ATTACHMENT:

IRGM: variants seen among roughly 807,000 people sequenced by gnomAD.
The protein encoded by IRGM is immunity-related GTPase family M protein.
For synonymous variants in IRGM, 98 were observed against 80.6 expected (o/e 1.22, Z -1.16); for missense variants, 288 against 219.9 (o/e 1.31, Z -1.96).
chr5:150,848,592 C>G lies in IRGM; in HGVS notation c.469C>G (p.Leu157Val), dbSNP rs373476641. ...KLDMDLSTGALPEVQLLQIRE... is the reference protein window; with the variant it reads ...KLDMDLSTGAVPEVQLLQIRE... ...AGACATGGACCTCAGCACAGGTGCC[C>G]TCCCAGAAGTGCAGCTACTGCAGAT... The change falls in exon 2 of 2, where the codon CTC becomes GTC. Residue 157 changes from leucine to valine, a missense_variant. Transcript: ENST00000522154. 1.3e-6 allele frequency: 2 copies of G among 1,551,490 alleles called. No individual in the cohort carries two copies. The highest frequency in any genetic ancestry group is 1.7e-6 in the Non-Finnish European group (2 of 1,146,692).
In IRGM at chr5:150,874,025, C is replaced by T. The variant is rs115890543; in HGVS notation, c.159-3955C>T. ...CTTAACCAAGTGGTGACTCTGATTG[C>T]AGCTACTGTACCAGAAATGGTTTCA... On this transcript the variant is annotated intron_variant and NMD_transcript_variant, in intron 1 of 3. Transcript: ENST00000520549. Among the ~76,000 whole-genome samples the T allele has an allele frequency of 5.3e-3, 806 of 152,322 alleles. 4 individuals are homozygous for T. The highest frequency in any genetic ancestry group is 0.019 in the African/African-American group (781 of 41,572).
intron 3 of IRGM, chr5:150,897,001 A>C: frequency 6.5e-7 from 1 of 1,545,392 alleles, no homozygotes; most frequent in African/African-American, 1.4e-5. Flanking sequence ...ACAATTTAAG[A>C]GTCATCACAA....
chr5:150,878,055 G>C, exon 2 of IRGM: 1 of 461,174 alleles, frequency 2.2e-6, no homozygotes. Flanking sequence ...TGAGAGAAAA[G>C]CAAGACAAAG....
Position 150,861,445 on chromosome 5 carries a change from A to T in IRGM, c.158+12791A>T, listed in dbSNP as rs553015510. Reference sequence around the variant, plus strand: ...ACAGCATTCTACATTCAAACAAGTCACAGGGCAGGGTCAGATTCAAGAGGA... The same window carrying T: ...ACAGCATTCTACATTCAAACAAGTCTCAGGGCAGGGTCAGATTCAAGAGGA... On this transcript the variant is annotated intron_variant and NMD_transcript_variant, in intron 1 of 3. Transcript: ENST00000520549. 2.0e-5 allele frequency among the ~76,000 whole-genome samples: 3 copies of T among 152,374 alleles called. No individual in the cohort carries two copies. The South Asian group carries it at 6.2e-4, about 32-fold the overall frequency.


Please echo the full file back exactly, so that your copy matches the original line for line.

IRGM: variants seen among roughly 807,000 people sequenced by gnomAD.
The protein encoded by IRGM is immunity-related GTPase family M protein.
For synonymous variants in IRGM, 98 were observed against 80.6 expected (o/e 1.22, Z -1.16); for missense variants, 288 against 219.9 (o/e 1.31, Z -1.96).
chr5:150,848,592 C>G lies in IRGM; in HGVS notation c.469C>G (p.Leu157Val), dbSNP rs373476641. ...KLDMDLSTGALPEVQLLQIRE... is the reference protein window; with the variant it reads ...KLDMDLSTGAVPEVQLLQIRE... ...AGACATGGACCTCAGCACAGGTGCC[C>G]TCCCAGAAGTGCAGCTACTGCAGAT... The change falls in exon 2 of 2, where the codon CTC becomes GTC. Residue 157 changes from leucine to valine, a missense_variant. Transcript: ENST00000522154. 1.3e-6 allele frequency: 2 copies of G among 1,551,490 alleles called. No individual in the cohort carries two copies. The highest frequency in any genetic ancestry group is 1.7e-6 in the Non-Finnish European group (2 of 1,146,692).
In IRGM at chr5:150,874,025, C is replaced by T. The variant is rs115890543; in HGVS notation, c.159-3955C>T. ...CTTAACCAAGTGGTGACTCTGATTG[C>T]AGCTACTGTACCAGAAATGGTTTCA... On this transcript the variant is annotated intron_variant and NMD_transcript_variant, in intron 1 of 3. Transcript: ENST00000520549. Among the ~76,000 whole-genome samples the T allele has an allele frequency of 5.3e-3, 806 of 152,322 alleles. 4 individuals are homozygous for T. The highest frequency in any genetic ancestry group is 0.019 in the African/African-American group (781 of 41,572).
intron 3 of IRGM, chr5:150,897,001 A>C: frequency 6.5e-7 from 1 of 1,545,392 alleles, no homozygotes; most frequent in African/African-American, 1.4e-5. Flanking sequence ...ACAATTTAAG[A>C]GTCATCACAA....
chr5:150,878,055 G>C, exon 2 of IRGM: 1 of 461,174 alleles, frequency 2.2e-6, no homozygotes. Flanking sequence ...TGAGAGAAAA[G>C]CAAGACAAAG....
Position 150,861,445 on chromosome 5 carries a change from A to T in IRGM, c.158+12791A>T, listed in dbSNP as rs553015510. Reference sequence around the variant, plus strand: ...ACAGCATTCTACATTCAAACAAGTCACAGGGCAGGGTCAGATTCAAGAGGA... The same window carrying T: ...ACAGCATTCTACATTCAAACAAGTCTCAGGGCAGGGTCAGATTCAAGAGGA... On this transcript the variant is annotated intron_variant and NMD_transcript_variant, in intron 1 of 3. Transcript: ENST00000520549. 2.0e-5 allele frequency among the ~76,000 whole-genome samples: 3 copies of T among 152,374 alleles called. No individual in the cohort carries two copies. The South Asian group carries it at 6.2e-4, about 32-fold the overall frequency.